These days, former Idaho Gov. Dirk Kempthorne is the chief representative of the life insurance industry, traveling the country and the world, giving speeches and representing insurers to the Trump administration, states, international groups and nations.
It’s a role that’s brought the former Boise mayor, U.S. senator and U.S. secretary of the interior – who will receive an honorary doctorate from his alma mater, the University of Idaho, next weekend – back to an issue he focused on as governor of Idaho: The fate of Americans as they age.
“It is possible somebody could achieve the American dream, but then have lived beyond the means that they had set up for themselves, and then find out that there’s no longer resources except perhaps what the government can do for them,” Kempthorne said. “I’m dedicated that people should have dignity their entire life.”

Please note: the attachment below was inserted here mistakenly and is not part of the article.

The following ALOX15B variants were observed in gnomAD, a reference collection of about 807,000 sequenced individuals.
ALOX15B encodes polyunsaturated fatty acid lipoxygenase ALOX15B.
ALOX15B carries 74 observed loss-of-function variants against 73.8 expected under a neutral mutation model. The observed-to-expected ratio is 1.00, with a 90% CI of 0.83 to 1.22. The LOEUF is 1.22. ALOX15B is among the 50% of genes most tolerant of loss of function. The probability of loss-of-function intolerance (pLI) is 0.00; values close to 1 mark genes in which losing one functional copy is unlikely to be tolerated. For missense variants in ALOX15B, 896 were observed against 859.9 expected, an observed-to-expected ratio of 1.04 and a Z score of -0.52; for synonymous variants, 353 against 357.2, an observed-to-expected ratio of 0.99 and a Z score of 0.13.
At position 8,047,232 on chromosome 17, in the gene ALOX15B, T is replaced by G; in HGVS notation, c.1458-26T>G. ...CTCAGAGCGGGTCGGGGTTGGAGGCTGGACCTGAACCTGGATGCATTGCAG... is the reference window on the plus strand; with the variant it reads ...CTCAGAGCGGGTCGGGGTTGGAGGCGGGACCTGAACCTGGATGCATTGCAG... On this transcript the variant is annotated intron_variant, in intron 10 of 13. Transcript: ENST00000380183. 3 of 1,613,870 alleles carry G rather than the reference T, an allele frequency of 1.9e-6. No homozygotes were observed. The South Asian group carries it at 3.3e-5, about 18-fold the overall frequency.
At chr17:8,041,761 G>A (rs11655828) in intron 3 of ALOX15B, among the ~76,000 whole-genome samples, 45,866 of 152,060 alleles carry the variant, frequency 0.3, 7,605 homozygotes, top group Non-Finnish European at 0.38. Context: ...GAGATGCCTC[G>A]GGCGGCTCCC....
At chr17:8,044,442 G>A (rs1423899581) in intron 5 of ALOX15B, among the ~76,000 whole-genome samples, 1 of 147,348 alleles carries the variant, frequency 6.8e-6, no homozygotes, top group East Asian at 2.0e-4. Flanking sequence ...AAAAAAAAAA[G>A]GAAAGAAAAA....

Kempthorne, a Republican, signed legislation in 2001 to grant a 50 percent tax credit for long-term care insurance premiums. In 2004, he urged lawmakers to expand that to 100 percent, which they did. That law’s still on the books today.
In his 2004 state of the state address to a joint session of the Idaho Legislature, Kempthorne declared, “This represents sound tax policy and health care policy. We should be dedicated to guaranteeing the dignity that our parents and grandparents deserve.”
It’s an issue that hits home for the former governor in a very personal way. In 2003, his elderly father, who suffered from macular degeneration, became the sole caregiver for his mother after she suffered a stroke. “They are fiercely independent and want to maintain their own home,” he said then. “They are not unlike families in every community across our country.”
Kempthorne’s mother, Maxine, died a year later at 87, but his father lived on.